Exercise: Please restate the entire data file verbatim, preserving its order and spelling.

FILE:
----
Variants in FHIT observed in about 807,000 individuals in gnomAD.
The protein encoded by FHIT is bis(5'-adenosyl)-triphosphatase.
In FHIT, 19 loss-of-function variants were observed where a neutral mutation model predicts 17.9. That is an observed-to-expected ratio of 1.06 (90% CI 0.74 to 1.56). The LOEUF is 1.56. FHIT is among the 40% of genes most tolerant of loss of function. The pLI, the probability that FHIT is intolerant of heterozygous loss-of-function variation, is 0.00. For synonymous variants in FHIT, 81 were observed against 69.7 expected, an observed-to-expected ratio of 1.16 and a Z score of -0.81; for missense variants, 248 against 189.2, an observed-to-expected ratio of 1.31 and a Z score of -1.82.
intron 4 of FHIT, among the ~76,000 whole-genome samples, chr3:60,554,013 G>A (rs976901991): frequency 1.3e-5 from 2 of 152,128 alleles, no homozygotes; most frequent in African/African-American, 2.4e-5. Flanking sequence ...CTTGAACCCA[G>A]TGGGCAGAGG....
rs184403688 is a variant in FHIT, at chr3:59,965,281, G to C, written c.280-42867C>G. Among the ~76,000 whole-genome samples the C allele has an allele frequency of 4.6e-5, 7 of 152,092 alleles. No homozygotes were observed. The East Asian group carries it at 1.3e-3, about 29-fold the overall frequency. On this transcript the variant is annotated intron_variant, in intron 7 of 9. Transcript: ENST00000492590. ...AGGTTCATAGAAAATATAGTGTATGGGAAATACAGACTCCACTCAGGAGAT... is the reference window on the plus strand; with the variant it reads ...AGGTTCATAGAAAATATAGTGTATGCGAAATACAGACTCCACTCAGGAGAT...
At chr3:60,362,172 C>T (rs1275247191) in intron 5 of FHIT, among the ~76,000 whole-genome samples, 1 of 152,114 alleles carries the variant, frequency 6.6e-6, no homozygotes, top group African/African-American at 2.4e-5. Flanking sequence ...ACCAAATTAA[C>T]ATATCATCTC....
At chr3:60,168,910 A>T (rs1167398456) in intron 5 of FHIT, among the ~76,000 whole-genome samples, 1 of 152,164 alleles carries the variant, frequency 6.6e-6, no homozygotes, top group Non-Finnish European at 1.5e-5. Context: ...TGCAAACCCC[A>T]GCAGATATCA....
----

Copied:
Variants in FHIT observed in about 807,000 individuals in gnomAD.
The protein encoded by FHIT is bis(5'-adenosyl)-triphosphatase.
In FHIT, 19 loss-of-function variants were observed where a neutral mutation model predicts 17.9. That is an observed-to-expected ratio of 1.06 (90% CI 0.74 to 1.56). The LOEUF is 1.56. FHIT is among the 40% of genes most tolerant of loss of function. The pLI, the probability that FHIT is intolerant of heterozygous loss-of-function variation, is 0.00. For synonymous variants in FHIT, 81 were observed against 69.7 expected, an observed-to-expected ratio of 1.16 and a Z score of -0.81; for missense variants, 248 against 189.2, an observed-to-expected ratio of 1.31 and a Z score of -1.82.
intron 4 of FHIT, among the ~76,000 whole-genome samples, chr3:60,554,013 G>A (rs976901991): frequency 1.3e-5 from 2 of 152,128 alleles, no homozygotes; most frequent in African/African-American, 2.4e-5. Flanking sequence ...CTTGAACCCA[G>A]TGGGCAGAGG....
rs184403688 is a variant in FHIT, at chr3:59,965,281, G to C, written c.280-42867C>G. Among the ~76,000 whole-genome samples the C allele has an allele frequency of 4.6e-5, 7 of 152,092 alleles. No homozygotes were observed. The East Asian group carries it at 1.3e-3, about 29-fold the overall frequency. On this transcript the variant is annotated intron_variant, in intron 7 of 9. Transcript: ENST00000492590. ...AGGTTCATAGAAAATATAGTGTATGGGAAATACAGACTCCACTCAGGAGAT... is the reference window on the plus strand; with the variant it reads ...AGGTTCATAGAAAATATAGTGTATGCGAAATACAGACTCCACTCAGGAGAT...
At chr3:60,362,172 C>T (rs1275247191) in intron 5 of FHIT, among the ~76,000 whole-genome samples, 1 of 152,114 alleles carries the variant, frequency 6.6e-6, no homozygotes, top group African/African-American at 2.4e-5. Flanking sequence ...ACCAAATTAA[C>T]ATATCATCTC....
At chr3:60,168,910 A>T (rs1167398456) in intron 5 of FHIT, among the ~76,000 whole-genome samples, 1 of 152,164 alleles carries the variant, frequency 6.6e-6, no homozygotes, top group Non-Finnish European at 1.5e-5. Context: ...TGCAAACCCC[A>T]GCAGATATCA....